When my mother decided to become a missionary, she also decided to become a nurse in order to help the people she would minister to, medically. After returning to the United States permanently, she worked in hospitals wherever we lived and was the main breadwinner for the family. We finally settled in Wichita, Kansas in1967 after living in Nebraska and New Mexico after our return from Africa. She worked at St. Francis Hospital in the intensive care unit. Evidently, one day she gave the wrong dose of medication to a patient with no dire consequences. Apparently she didn't tell anyone at that time. When my mother was 98 my sister who she lived with, noticed she was receiving a lot of mail with an R. N. In the return address. R. N. Stands for registered nurse. My sister asked her what was going on but my mother only said, "Maybe I'll tell you some day." After Mom died my sister had to go through her papers and found these letters and read them. That was when my sister was able to determine the whole story. The mistake had been weighing on my Mom's mind so she decided to confess. She wrote a letter to the head of nursing at St. Francis hospital.

Upon receiving the letter, the head of nursing decided to read the letter at the next department meeting. She encouraged the nurses at the meeting to write to my Mom and share the mistakes they had made in their careers. Mom must have cherished these letters because she kept them the rest of her life.


My Mother persevered through so many challenges in her life. In her twenties she set three main goals for her life. She wanted to be a mother of a large family, she wanted to be a nurse and she wanted to be a missionary to Africa. Before my mother and father got married she started nurses training in Colorado Springs. He was living in Denver and they saw each other rarely. But in 1940 they got married and started their family. My oldest sister and only brother were born in quick succession. Mom never complained but she always had difficult pregnancies. Yet she went ahead and experienced five of them (lots of nausea) so that she could have a large family. That's almost four years of complete misery. It takes perseverance to get through that!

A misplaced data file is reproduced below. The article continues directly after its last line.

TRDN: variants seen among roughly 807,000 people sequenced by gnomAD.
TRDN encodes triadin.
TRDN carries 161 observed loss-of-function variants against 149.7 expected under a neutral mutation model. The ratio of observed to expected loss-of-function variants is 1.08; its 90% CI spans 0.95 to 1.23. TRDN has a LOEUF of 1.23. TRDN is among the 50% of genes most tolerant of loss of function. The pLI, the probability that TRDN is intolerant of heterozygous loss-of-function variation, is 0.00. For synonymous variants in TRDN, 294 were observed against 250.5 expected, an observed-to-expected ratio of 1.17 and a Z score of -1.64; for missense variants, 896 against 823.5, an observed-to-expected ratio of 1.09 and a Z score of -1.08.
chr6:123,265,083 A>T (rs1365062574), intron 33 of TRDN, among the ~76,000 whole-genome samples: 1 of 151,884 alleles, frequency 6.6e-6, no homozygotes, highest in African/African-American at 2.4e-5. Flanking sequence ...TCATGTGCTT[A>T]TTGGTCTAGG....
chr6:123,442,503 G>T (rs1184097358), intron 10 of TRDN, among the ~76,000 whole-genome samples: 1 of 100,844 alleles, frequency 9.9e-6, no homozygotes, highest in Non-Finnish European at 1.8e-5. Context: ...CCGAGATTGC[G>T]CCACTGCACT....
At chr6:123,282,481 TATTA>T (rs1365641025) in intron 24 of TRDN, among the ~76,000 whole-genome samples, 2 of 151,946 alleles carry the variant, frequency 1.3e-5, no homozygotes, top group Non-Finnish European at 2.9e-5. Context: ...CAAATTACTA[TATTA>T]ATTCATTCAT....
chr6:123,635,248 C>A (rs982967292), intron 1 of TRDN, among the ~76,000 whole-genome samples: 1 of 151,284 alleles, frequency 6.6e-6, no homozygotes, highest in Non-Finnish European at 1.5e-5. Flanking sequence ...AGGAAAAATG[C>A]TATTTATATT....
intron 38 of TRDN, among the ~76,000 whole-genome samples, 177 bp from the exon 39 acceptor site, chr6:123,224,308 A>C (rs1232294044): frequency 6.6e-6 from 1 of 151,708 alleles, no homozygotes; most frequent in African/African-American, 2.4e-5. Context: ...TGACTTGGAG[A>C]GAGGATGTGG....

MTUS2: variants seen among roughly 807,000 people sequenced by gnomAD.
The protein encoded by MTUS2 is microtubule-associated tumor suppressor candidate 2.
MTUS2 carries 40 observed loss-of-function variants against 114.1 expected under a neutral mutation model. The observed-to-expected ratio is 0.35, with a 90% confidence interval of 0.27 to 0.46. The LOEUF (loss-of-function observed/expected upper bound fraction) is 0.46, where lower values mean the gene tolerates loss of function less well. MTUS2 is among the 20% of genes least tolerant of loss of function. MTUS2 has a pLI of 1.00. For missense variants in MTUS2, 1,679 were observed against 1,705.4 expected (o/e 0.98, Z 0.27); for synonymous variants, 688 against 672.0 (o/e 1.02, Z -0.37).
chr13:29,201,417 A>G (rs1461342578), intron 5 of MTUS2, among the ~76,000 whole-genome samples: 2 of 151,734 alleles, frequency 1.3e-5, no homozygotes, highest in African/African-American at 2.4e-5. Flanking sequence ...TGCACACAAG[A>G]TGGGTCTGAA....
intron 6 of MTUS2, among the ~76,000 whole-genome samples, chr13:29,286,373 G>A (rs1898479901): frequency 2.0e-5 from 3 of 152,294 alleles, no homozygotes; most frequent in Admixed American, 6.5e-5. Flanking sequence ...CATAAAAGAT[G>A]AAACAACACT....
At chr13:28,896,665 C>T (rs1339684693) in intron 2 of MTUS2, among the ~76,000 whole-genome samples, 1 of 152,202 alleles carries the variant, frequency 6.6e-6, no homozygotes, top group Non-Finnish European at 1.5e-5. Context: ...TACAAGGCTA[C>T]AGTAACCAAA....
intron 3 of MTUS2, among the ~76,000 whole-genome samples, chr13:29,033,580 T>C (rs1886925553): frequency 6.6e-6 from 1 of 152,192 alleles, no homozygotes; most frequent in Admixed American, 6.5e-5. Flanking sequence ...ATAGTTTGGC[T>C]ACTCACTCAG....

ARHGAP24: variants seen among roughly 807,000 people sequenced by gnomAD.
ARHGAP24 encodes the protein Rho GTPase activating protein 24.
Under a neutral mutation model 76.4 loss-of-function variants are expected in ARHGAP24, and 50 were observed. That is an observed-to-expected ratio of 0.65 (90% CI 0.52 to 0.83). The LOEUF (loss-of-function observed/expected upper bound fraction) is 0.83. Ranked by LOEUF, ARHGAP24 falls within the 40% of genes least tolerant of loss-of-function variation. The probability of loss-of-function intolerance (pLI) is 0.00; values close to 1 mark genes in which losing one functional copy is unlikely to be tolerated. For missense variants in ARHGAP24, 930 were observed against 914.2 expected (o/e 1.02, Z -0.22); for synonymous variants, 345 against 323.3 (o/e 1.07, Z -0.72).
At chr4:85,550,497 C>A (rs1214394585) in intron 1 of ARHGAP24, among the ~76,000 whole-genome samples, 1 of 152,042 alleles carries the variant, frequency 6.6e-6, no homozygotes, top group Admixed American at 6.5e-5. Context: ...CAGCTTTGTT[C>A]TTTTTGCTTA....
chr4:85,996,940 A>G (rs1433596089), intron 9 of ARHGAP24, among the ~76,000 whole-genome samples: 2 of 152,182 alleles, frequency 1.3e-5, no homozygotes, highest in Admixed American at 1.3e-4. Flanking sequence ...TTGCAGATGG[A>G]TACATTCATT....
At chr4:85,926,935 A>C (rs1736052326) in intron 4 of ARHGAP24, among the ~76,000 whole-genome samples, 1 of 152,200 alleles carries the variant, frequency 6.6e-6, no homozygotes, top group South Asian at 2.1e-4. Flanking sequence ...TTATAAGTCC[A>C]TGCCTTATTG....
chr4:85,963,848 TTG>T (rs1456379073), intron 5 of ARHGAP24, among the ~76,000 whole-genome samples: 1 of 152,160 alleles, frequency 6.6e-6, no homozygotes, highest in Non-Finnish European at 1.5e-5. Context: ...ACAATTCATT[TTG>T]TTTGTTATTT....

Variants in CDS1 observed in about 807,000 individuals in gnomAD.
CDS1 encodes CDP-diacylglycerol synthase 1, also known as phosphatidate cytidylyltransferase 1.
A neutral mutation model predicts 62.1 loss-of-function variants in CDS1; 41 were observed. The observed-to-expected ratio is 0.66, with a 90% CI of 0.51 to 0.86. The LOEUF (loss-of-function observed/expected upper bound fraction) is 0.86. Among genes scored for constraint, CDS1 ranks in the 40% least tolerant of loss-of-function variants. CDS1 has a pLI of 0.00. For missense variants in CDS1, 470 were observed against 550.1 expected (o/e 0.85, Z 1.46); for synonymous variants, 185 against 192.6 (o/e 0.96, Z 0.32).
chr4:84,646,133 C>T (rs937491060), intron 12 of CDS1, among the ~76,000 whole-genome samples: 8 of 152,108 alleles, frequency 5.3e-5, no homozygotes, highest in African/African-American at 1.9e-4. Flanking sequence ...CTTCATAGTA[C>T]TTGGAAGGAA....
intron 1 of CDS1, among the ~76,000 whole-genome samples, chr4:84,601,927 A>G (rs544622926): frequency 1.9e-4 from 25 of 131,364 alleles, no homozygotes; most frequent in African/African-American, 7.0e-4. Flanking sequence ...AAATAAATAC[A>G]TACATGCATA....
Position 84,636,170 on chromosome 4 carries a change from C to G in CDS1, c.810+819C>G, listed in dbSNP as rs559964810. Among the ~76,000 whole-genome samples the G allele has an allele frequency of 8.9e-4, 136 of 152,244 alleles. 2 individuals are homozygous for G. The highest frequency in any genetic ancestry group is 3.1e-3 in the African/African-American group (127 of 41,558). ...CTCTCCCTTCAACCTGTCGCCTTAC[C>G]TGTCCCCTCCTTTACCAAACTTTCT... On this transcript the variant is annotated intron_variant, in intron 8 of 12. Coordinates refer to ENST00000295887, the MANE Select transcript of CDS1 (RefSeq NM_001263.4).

Having children interfered with Mom and Dad's planned departure for Africa, but they were finally ready to go when they discovered that children were not being issued passports because of the war. Dad was urgently needed to help with the mission work so the hard decision was made that Dad would go on to the Congo and Mom would stay here in the United States with the children until the war was over. She had one more year of nurses training to complete so she went San Bernardino where she had friends who would care for my brother and sister while she attended school.
Nurses training wasn't easy back then. It was a 24/7 endeavor. They would work an eight hour shift and attend classes and study and try to get a little sleep all in one day. That's not including having to starch and iron uniforms, whiten shoes and don those white stockings (seams perfectly straight). Mom lived at the school and got to see her children on weekends sometimes.